Monday, 13 May 2019

Our U3A Meeting on English Wines

A Taste of English Wines

Our October Meeting of the Wine Appreciation Group was hosted by Stephen and Mary. At first we had to guess from where in the world the first two white wines originated. Generally people liked the wine but were unable to place the origin accurately. It turned out that the wines were from the Denbies' Vineyard in Dorking, Surrey. These were compared with a supposedly dry Riesling from the Mosel Region of Germany.

A blind red wine tasting of two English wines followed from Denbies and Chapel Down from the Wickham Estate in Tenterden (the only Kent wine tasted as few were available).

The evening concluded with another blind tasting and comparison of two sparkling wines - one called Whitedowns from Denbies and a relatively budget Champagne. Generally the English wines were preferred.

The wines we tasted
Number One
Denbies Surrey Gold Non Vintage 11.5%
Number Two
Denbies Ranmore Hill 2013 12%
Number Three
Dr Loosen Graacher Himmelreich Mosel  8%  
Number Four
Denbies Redlands 2014  12% 
Number Five  -  Tenterden Chapel Down Wickham Estate Red 2011 12%
Number Six  -  Antoine Clevecy Champagne  12% 
Number Seven -  Denbies Whitedowns Sparkling Wine  11.5%  

All about UK Wine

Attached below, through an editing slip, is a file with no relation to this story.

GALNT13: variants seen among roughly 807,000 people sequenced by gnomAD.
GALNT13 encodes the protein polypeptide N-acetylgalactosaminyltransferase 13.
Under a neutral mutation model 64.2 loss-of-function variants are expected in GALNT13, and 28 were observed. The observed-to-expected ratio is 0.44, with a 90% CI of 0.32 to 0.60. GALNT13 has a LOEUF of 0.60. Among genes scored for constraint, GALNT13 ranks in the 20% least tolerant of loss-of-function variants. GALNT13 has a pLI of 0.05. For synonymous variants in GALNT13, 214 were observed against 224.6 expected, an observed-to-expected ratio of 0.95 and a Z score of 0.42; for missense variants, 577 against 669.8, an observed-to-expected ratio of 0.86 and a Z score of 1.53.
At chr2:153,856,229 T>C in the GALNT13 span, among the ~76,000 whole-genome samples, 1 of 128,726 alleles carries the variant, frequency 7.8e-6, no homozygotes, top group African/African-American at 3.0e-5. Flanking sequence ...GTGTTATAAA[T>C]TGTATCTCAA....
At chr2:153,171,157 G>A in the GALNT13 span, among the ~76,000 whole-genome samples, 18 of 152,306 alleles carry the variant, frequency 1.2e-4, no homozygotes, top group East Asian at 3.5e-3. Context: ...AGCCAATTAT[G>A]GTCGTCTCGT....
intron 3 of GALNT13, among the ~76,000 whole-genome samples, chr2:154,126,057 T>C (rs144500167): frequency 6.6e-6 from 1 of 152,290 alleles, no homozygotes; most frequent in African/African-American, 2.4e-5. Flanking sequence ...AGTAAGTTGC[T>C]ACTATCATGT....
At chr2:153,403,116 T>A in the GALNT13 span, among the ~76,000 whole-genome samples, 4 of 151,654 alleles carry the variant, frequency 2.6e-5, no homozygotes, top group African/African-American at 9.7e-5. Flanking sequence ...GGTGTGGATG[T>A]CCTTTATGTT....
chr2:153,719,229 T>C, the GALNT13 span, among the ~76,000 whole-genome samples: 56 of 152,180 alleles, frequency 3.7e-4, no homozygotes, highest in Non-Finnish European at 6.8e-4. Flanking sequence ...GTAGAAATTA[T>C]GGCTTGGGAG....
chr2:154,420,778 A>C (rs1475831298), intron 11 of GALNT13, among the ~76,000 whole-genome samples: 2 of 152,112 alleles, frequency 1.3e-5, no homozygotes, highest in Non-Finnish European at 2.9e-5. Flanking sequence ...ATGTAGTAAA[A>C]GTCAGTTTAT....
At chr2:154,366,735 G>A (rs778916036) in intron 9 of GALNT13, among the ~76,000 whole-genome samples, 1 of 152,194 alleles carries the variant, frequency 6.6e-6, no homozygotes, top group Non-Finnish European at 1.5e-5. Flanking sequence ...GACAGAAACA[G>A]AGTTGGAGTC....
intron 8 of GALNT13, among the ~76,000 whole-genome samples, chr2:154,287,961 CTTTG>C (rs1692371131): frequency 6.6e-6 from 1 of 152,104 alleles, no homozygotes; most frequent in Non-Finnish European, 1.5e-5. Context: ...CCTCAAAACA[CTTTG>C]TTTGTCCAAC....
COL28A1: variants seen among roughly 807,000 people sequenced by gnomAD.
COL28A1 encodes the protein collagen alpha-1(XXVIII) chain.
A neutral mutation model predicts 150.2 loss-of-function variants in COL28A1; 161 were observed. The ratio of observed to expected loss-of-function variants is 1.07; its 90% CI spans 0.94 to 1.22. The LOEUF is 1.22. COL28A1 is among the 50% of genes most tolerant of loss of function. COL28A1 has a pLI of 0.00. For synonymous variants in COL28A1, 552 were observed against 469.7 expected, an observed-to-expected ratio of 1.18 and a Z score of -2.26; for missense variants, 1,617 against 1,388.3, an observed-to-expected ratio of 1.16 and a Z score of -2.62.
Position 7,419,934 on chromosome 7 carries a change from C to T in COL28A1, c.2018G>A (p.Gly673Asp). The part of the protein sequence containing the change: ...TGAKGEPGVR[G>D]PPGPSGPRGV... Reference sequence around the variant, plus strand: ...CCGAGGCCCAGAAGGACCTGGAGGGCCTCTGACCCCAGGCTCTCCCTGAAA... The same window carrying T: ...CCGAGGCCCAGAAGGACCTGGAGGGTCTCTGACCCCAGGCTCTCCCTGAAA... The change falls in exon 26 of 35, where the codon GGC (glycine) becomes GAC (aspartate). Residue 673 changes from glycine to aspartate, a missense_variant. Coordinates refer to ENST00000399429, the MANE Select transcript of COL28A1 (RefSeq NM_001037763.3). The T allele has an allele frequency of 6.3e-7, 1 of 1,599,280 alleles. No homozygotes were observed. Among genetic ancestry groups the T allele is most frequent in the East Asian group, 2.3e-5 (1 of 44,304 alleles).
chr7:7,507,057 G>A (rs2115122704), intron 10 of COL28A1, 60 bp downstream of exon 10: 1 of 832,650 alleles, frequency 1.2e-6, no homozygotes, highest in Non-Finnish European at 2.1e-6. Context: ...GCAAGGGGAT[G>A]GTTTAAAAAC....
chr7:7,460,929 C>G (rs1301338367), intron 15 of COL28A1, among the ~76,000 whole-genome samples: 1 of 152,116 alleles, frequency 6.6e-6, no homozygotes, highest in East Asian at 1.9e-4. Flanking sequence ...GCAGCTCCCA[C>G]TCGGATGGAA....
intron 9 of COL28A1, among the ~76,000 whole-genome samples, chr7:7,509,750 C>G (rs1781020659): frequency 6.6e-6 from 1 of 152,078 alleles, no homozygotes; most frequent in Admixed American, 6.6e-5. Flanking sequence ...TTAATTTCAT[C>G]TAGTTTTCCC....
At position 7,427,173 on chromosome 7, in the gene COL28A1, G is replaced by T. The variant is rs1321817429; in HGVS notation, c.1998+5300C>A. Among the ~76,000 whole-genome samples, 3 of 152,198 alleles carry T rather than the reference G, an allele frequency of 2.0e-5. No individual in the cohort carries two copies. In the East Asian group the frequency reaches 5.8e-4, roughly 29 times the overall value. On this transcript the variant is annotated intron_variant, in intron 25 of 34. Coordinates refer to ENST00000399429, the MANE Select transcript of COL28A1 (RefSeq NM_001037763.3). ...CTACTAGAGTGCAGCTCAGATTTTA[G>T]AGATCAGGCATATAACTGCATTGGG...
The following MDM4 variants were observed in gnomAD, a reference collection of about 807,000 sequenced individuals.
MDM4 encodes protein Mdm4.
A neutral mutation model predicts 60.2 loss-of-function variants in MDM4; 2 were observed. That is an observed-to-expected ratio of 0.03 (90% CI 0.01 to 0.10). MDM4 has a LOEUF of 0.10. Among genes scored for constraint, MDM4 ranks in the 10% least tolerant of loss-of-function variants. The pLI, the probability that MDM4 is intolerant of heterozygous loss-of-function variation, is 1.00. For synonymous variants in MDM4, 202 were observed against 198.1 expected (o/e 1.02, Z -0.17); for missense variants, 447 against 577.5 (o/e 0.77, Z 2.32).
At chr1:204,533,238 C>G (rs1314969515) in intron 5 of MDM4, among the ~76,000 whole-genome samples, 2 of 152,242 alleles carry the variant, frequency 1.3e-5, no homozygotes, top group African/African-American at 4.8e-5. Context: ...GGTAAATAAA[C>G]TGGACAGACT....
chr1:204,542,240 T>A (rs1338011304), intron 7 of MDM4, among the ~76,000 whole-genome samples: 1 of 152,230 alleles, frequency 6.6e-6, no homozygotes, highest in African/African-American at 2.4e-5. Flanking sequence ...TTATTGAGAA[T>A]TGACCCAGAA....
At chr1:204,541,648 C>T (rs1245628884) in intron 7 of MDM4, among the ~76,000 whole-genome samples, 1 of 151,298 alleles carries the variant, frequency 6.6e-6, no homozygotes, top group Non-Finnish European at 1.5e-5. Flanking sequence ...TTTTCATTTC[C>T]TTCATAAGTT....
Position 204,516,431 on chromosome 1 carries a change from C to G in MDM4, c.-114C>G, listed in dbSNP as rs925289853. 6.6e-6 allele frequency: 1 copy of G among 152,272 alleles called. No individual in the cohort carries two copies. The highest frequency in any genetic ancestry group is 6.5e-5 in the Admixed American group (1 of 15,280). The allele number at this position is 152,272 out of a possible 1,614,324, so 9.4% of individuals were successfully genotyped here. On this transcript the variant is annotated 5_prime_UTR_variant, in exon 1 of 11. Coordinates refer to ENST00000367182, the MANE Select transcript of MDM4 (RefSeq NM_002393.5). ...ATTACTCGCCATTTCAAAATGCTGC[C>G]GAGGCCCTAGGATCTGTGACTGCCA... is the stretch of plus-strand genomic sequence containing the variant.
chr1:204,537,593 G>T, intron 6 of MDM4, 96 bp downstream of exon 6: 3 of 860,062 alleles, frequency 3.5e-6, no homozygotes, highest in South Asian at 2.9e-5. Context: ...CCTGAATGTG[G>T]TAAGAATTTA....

Wine from the United Kingdom is generally classified as either 'English wine' or 'Welsh wine', referring to its actual place of origin. The term 'British wine' is used for fermented grape juice or concentrate that can originate from anywhere in the world.

The Romans introduced wine production to England and even attempted to grow grapes as far north as Lincolnshire. You can't fault them for trying.

There are now more than 430 vineyards in England and Wales, with most concentrated in the south east.

The average vineyard size is 3.3 hectares

It takes at least four years before you can harvest the grape when you establish a vineyard. 
There are now 1,500 hectares of vines planted across the land.

Britain produces more than two million bottles of wine a year.

Sparkling wine accounts for 60% of the UK’s wine production.

Millennia ago, when Britain was part of the European landmass, large swaths of south-east England were joined to what is France’s modern day Champagne.

Due to the changing climate, French vineyard owners are buying up land en masse in south-east England as they are worried it’s getting too hot in France, and the soil in the white cliffs of Dover is similar to the chalky soil of Champagne, while costing far less.

The largest vineyard is Denbies in Dorking, Surrey, with around 300 acres and 300,000 vines under cultivation.

Despite international acclaim, English & Welsh wine sales combined account for less than 1% of total wine sales in the UK.